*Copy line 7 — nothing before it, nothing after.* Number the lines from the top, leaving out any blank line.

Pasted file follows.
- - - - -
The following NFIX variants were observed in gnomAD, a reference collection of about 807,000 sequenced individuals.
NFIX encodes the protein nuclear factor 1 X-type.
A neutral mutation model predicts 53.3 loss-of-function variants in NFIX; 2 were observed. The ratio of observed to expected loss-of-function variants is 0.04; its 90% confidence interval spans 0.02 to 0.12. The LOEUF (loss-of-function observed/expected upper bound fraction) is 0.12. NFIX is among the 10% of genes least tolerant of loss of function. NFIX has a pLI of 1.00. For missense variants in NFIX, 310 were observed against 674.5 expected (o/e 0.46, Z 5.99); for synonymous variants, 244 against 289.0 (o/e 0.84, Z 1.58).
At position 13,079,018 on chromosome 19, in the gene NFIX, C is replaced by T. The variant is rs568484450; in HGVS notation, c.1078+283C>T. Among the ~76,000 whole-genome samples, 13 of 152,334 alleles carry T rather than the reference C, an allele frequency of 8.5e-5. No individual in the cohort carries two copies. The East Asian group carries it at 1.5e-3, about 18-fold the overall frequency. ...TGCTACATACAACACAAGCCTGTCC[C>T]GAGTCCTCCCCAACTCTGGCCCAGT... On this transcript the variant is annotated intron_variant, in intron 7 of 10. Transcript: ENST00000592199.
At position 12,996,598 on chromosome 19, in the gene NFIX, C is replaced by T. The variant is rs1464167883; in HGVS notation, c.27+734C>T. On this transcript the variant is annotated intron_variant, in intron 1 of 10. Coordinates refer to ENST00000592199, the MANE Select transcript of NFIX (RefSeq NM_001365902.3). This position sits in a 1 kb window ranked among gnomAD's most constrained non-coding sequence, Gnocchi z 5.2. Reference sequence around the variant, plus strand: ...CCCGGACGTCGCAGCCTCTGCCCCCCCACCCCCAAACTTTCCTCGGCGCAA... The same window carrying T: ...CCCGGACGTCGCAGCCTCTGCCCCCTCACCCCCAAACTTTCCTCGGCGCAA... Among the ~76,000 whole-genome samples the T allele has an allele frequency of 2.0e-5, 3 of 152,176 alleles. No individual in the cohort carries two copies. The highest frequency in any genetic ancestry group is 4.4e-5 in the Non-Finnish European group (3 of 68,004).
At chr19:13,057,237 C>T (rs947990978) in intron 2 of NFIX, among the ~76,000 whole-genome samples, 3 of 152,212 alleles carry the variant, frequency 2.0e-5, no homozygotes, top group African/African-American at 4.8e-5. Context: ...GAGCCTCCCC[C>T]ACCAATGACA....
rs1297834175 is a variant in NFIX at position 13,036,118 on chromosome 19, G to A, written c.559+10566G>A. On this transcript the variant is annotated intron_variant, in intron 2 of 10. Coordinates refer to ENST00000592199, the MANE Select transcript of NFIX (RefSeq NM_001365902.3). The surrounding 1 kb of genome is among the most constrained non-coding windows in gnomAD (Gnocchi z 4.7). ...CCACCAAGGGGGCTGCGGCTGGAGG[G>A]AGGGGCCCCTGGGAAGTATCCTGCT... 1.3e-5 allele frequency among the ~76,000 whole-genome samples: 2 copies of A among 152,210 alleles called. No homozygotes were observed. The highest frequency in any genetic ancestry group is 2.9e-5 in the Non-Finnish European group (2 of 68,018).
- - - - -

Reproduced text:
rs1297834175 is a variant in NFIX at position 13,036,118 on chromosome 19, G to A, written c.559+10566G>A. On this transcript the variant is annotated intron_variant, in intron 2 of 10. Coordinates refer to ENST00000592199, the MANE Select transcript of NFIX (RefSeq NM_001365902.3). The surrounding 1 kb of genome is among the most constrained non-coding windows in gnomAD (Gnocchi z 4.7). ...CCACCAAGGGGGCTGCGGCTGGAGG[G>A]AGGGGCCCCTGGGAAGTATCCTGCT... 1.3e-5 allele frequency among the ~76,000 whole-genome samples: 2 copies of A among 152,210 alleles called. No homozygotes were observed. The highest frequency in any genetic ancestry group is 2.9e-5 in the Non-Finnish European group (2 of 68,018).